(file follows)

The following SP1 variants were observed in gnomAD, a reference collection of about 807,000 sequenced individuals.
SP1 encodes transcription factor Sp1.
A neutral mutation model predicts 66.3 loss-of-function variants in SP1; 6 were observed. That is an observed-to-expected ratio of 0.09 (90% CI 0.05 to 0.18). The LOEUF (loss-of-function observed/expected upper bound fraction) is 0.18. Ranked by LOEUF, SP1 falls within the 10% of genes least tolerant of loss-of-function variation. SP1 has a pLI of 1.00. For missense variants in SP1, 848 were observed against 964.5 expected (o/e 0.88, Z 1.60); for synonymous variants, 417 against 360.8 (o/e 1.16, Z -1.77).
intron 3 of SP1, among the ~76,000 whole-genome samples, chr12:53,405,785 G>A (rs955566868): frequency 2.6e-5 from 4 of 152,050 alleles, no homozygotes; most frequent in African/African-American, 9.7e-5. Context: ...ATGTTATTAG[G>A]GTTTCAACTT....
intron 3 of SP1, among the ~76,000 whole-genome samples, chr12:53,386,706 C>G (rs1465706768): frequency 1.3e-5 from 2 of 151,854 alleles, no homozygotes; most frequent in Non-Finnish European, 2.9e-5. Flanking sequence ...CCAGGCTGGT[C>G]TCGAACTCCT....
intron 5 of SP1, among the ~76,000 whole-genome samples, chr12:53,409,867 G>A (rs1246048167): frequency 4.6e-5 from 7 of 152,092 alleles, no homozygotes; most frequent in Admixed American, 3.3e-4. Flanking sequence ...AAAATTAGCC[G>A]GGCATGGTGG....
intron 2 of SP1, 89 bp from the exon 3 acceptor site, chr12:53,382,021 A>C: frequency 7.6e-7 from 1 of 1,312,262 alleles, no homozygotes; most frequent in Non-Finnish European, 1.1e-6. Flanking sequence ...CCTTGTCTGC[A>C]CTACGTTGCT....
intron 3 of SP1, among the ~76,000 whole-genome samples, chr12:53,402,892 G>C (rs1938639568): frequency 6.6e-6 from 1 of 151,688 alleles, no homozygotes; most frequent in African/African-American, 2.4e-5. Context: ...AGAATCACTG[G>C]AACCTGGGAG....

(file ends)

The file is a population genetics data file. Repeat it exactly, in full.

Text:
The following SP1 variants were observed in gnomAD, a reference collection of about 807,000 sequenced individuals.
SP1 encodes transcription factor Sp1.
A neutral mutation model predicts 66.3 loss-of-function variants in SP1; 6 were observed. That is an observed-to-expected ratio of 0.09 (90% CI 0.05 to 0.18). The LOEUF (loss-of-function observed/expected upper bound fraction) is 0.18. Ranked by LOEUF, SP1 falls within the 10% of genes least tolerant of loss-of-function variation. SP1 has a pLI of 1.00. For missense variants in SP1, 848 were observed against 964.5 expected (o/e 0.88, Z 1.60); for synonymous variants, 417 against 360.8 (o/e 1.16, Z -1.77).
intron 3 of SP1, among the ~76,000 whole-genome samples, chr12:53,405,785 G>A (rs955566868): frequency 2.6e-5 from 4 of 152,050 alleles, no homozygotes; most frequent in African/African-American, 9.7e-5. Context: ...ATGTTATTAG[G>A]GTTTCAACTT....
intron 3 of SP1, among the ~76,000 whole-genome samples, chr12:53,386,706 C>G (rs1465706768): frequency 1.3e-5 from 2 of 151,854 alleles, no homozygotes; most frequent in Non-Finnish European, 2.9e-5. Flanking sequence ...CCAGGCTGGT[C>G]TCGAACTCCT....
intron 5 of SP1, among the ~76,000 whole-genome samples, chr12:53,409,867 G>A (rs1246048167): frequency 4.6e-5 from 7 of 152,092 alleles, no homozygotes; most frequent in Admixed American, 3.3e-4. Flanking sequence ...AAAATTAGCC[G>A]GGCATGGTGG....
intron 2 of SP1, 89 bp from the exon 3 acceptor site, chr12:53,382,021 A>C: frequency 7.6e-7 from 1 of 1,312,262 alleles, no homozygotes; most frequent in Non-Finnish European, 1.1e-6. Flanking sequence ...CCTTGTCTGC[A>C]CTACGTTGCT....
intron 3 of SP1, among the ~76,000 whole-genome samples, chr12:53,402,892 G>C (rs1938639568): frequency 6.6e-6 from 1 of 151,688 alleles, no homozygotes; most frequent in African/African-American, 2.4e-5. Context: ...AGAATCACTG[G>C]AACCTGGGAG....